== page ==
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Strain of uncertain future takes its toll on foreigners

The Ministry of Labor’s surprise checks of shops, institutions and businesses have wreaked havoc on the lives of many expatriates.
Expat workers told Arab News of the closures of their employers’ grocery shops, beauty parlors, salons, cafeterias, electric and plumbing stores and private schools. The expatriates asked for a legal solution to this problem.
Workers said that while they appreciate the government’s efforts to rid the Kingdom of illegal workers, the stress of an uncertain future has taken its toll.
A teacher, who works in a private school, said that through her job she is helping her husband in paying bills and the children’s school fees. She said she was not against the government’s goals, but it should provide solutions and proper legal procedures.
“Life is not that easy,” said Shahida Younes. “I am a capable teacher and by teaching in school, I am helping my husband as everything has become expensive. If I can’t work in school, how will I raise my children, what will we do.”
Samia, owner of a beauty parlor, told Arab News she closed her parlor amid great financial loss. “This thing created a serious situation,” she said. “It has caused disturbance in everyone’s life. People are sitting at home in fear.”
A shopkeeper said his store has been closed for three days for fear of being raided and him getting deported.
“I came to the Kingdom on a free labor visa for which I paid SR 15,000, plus SR 7,000 extra for all my paperwork and iqama,” said shopkeeper Ali Akbar. “I paid all this money by taking a loan, which I still haven’t paid. My sponsor doesn’t have any work for me to do, so he gave me permission to work anywhere and he sold me the iqama.”
Salesman Ahmed Malik said: “I feel like that there is no security left, though I am working for my company.”
Some Jeddah residents said raids on schools in search of violators resulted in closures. Pupils are staying at home because of parents’ fears.
Parent Bassem Al-Jahni in Riyadh said: “My daughter goes to a private school and I pay SR 35,000 and SR 5,000 in registration fees. I was surprised today the school canceled all classes and tomorrow because of raids from government committees in search of illegal workers.”
Mohammad Hassan, another citizen, said the raids are dangerous. “We were surprised yesterday to find many shops on one of the main streets and owned by Saudi nationals and operated by expatriates still closed after Isha prayer.
“Many shoppers were puzzled but these shops only opened the following morning.”

The Ministry of Labor’s surprise checks of shops, institutions and businesses have wreaked havoc on the lives of many expatriates.
Expat workers told Arab News of the closures of their employers’ grocery shops, beauty parlors, salons, cafeterias, electric and plumbing stores and private schools. The expatriates asked for a legal solution to this problem.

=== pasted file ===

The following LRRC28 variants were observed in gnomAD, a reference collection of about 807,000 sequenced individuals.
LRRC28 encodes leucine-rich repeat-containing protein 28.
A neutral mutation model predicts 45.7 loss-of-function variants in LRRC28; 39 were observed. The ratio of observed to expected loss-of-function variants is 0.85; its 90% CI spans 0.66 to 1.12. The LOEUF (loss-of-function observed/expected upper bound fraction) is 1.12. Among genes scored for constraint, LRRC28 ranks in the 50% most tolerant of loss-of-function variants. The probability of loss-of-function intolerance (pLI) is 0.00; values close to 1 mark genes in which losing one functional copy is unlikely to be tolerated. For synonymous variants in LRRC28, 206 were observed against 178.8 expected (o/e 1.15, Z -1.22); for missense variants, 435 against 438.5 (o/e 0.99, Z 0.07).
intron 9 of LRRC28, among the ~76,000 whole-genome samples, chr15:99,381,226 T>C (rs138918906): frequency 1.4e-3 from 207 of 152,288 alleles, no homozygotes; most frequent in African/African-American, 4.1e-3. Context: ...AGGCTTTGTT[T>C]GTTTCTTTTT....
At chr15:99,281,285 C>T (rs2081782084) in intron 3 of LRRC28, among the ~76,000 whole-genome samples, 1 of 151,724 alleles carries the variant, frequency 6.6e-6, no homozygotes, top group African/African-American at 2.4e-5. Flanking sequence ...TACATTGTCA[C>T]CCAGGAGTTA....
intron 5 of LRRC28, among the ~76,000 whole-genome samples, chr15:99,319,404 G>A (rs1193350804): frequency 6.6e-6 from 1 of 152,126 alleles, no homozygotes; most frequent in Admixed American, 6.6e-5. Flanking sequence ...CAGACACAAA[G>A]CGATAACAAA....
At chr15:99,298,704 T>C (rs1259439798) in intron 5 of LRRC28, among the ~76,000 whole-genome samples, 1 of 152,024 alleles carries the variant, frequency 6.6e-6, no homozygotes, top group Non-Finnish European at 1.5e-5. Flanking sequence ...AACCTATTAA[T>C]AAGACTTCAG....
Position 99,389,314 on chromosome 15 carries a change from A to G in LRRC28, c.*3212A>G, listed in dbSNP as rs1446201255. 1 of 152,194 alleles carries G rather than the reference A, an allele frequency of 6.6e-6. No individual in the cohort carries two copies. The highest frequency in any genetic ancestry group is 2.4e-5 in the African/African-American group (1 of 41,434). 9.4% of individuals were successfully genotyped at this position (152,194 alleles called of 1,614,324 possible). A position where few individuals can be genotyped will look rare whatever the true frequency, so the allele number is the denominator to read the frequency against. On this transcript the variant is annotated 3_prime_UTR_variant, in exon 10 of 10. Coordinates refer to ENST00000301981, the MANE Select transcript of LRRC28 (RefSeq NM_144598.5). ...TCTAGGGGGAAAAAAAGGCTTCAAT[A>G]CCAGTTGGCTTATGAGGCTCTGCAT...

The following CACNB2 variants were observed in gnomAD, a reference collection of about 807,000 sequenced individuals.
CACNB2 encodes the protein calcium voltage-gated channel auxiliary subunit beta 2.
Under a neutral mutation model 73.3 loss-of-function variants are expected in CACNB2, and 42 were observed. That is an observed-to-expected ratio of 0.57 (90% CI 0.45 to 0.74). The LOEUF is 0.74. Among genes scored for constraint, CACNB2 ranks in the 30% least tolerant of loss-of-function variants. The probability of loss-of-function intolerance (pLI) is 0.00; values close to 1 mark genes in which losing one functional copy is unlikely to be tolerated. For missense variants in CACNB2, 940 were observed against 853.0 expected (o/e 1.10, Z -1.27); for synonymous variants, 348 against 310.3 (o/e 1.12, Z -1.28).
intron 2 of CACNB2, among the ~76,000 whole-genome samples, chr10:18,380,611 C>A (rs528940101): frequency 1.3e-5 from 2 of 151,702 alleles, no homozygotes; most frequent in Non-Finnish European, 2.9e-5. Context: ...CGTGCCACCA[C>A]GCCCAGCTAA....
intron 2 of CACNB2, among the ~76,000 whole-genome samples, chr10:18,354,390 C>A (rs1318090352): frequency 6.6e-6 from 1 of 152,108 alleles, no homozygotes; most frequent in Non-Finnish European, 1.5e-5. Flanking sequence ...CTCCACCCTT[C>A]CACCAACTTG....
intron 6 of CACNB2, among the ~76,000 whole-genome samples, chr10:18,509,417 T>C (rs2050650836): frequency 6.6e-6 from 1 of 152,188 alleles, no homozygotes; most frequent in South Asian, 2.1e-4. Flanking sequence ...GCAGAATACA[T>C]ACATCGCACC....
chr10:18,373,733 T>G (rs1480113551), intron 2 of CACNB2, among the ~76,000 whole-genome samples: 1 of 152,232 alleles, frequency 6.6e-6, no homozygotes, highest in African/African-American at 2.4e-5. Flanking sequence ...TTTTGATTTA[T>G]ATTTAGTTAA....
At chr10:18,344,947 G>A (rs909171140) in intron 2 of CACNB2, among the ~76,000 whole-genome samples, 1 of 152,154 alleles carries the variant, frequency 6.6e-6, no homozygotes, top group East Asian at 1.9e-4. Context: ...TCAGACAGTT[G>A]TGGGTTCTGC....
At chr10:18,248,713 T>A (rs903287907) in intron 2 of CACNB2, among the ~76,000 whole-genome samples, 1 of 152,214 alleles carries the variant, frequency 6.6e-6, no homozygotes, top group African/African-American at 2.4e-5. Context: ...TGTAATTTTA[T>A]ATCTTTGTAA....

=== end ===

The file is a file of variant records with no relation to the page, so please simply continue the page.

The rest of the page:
Workers said that while they appreciate the government’s efforts to rid the Kingdom of illegal workers, the stress of an uncertain future has taken its toll.
A teacher, who works in a private school, said that through her job she is helping her husband in paying bills and the children’s school fees. She said she was not against the government’s goals, but it should provide solutions and proper legal procedures.
“Life is not that easy,” said Shahida Younes. “I am a capable teacher and by teaching in school, I am helping my husband as everything has become expensive. If I can’t work in school, how will I raise my children, what will we do.”
Samia, owner of a beauty parlor, told Arab News she closed her parlor amid great financial loss. “This thing created a serious situation,” she said. “It has caused disturbance in everyone’s life. People are sitting at home in fear.”
A shopkeeper said his store has been closed for three days for fear of being raided and him getting deported.
“I came to the Kingdom on a free labor visa for which I paid SR 15,000, plus SR 7,000 extra for all my paperwork and iqama,” said shopkeeper Ali Akbar. “I paid all this money by taking a loan, which I still haven’t paid. My sponsor doesn’t have any work for me to do, so he gave me permission to work anywhere and he sold me the iqama.”
Salesman Ahmed Malik said: “I feel like that there is no security left, though I am working for my company.”
Some Jeddah residents said raids on schools in search of violators resulted in closures. Pupils are staying at home because of parents’ fears.
Parent Bassem Al-Jahni in Riyadh said: “My daughter goes to a private school and I pay SR 35,000 and SR 5,000 in registration fees. I was surprised today the school canceled all classes and tomorrow because of raids from government committees in search of illegal workers.”
Mohammad Hassan, another citizen, said the raids are dangerous. “We were surprised yesterday to find many shops on one of the main streets and owned by Saudi nationals and operated by expatriates still closed after Isha prayer.
“Many shoppers were puzzled but these shops only opened the following morning.”

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